This just in- the VMCs have about 13 days left of the service year and something big has happened! Last Friday marked an important milestone of the VMC year- submission of the first draft of the final report. This report is a summary of an immense amount of work: stories of service, volunteer program statistics, sustainability plans, and descriptions of various levels of leadership development. Completing and submitting this thorough document is no simple feat, so kudos to the VMCs for getting it done!
I distinctly remember being a bit overwhelmed with the task of summarizing my VMC year in just one document. Not only did the year go by quickly, but there was no way I could easily describe such a dynamic experience. Throughout my VMC year, I grew so much professionally and personally from the work I dedicated to the volunteer programs at my site. There were times when I felt frustrated and stuck, but there were also times of pure joy and pride as I played a role in providing services that affected my local community. Throughout my preparation for and training of volunteers, I overcame my fears of public speaking and networking, learned all about new topics (such as emergency preparedness), met neighbors who were passionate about being more involved, and was supported by an amazing team of service leaders at my site and Volunteer Maryland. All in all, it was a life-changing year and a great introduction to my work as a Regional Coordinator and future endeavors.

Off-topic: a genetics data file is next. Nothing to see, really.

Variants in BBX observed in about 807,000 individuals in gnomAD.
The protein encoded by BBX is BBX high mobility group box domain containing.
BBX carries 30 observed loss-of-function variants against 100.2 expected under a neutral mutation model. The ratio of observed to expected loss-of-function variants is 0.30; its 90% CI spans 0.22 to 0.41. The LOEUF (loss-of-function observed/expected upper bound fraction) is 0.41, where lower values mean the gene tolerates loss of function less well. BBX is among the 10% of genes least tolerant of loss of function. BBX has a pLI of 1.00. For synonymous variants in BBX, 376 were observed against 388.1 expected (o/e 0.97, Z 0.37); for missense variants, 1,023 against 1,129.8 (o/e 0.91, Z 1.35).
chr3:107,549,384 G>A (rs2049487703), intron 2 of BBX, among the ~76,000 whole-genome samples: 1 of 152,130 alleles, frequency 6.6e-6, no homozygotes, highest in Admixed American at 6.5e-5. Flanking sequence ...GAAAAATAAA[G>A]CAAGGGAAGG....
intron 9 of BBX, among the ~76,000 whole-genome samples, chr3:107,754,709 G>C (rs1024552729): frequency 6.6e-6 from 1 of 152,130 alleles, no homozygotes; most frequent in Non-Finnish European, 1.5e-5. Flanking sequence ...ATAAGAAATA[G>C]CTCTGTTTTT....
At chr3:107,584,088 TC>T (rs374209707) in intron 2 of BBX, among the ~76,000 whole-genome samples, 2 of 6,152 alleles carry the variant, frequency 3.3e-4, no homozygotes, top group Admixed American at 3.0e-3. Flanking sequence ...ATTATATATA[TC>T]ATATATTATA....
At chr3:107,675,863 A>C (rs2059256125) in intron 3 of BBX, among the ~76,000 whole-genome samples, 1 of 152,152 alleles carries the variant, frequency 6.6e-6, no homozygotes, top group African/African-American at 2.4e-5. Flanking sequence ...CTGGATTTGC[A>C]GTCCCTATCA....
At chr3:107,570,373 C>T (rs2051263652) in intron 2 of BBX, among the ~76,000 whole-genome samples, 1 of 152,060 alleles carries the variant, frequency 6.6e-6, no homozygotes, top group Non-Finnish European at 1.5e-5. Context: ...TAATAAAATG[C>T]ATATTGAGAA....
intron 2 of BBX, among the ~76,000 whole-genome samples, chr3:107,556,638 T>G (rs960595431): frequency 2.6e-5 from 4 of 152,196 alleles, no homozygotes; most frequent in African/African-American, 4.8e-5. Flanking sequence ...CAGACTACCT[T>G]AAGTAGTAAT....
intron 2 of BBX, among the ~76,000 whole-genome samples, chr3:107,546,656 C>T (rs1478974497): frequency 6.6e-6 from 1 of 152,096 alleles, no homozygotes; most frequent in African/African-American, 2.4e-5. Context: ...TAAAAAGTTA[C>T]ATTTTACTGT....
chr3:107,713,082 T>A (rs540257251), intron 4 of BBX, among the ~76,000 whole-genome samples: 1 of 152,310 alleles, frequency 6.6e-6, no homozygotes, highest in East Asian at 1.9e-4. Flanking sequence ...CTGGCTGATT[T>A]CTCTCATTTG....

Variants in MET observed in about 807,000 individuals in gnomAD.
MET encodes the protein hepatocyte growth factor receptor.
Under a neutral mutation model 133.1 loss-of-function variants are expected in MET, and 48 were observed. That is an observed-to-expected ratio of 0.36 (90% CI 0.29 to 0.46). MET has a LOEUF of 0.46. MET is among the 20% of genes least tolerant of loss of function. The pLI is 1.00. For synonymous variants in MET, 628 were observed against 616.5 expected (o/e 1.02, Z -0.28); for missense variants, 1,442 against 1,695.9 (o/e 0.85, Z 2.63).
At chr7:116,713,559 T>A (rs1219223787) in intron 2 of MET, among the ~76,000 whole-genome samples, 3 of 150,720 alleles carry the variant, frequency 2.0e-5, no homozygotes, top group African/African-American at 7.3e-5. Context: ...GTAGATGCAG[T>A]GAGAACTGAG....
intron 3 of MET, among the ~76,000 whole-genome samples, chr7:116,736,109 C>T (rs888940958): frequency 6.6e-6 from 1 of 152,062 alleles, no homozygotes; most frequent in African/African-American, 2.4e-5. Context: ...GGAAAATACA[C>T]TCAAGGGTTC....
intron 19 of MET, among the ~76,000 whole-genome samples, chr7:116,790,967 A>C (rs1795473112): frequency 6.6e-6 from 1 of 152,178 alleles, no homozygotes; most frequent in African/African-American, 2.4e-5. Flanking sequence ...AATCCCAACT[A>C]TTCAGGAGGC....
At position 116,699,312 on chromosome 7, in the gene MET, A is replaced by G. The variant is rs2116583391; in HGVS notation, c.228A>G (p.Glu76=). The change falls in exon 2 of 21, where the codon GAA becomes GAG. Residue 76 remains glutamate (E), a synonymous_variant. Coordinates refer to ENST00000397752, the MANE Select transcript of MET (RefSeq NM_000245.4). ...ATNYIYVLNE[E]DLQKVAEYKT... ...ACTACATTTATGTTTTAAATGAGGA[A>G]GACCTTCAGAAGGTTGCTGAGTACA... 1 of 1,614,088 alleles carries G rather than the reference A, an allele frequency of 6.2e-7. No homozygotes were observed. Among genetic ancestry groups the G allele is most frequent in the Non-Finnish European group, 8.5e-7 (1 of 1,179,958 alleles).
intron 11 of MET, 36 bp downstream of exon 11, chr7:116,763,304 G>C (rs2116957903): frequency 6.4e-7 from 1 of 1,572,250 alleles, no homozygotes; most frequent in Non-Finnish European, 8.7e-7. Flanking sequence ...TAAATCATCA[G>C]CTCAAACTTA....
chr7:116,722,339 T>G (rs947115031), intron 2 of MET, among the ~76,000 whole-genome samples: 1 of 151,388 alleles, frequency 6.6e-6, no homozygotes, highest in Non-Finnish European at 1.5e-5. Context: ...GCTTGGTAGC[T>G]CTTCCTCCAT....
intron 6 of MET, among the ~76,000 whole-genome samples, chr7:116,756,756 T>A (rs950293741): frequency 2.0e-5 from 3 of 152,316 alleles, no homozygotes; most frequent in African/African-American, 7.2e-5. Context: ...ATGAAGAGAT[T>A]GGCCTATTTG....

I am looking forward to reading the current VMCs’ final reports and seeing how their experience went. Although I will get a glimpse of some of their impressions through their reports, I asked my region of VMCs to share with me a thought or two about a memory regarding their year. Here are some of their remarks; as you can see, a VMC year definitely sparks some interesting lessons and experiences. 🙂
Michel: I’ve learned that volunteer management is a lot like the life of a turtle. Each small step makes a lot of progress.
Joanna: One of the best moments for me was hearing one of my volunteers walk away and say “Why Can’t I do this every day?” This reassured me that I must be doing something right!
Jenny: One of the best memories I have is the Baltimore Medical System’s Container Garden planting. It was great how our team came out to support this volunteer opportunity and work with my other volunteers. We were able to complete a project in one day which was scheduled for three days. Go G-Team and our fearless leader!
Dan: I drink a lot of tea. So much so that it pained one of my gung-ho volunteers to see me throwing away the tea leaves each day. He brought in two old peanut butter jars and told me to start saving them for his compost pile. His dedication to reducing waste inspired me to start my own compost pile, despite the inconvenience of having to hide it in a patch of trees a few minutes from my apartment. Though I never told him about this, I know he’d be proud of me.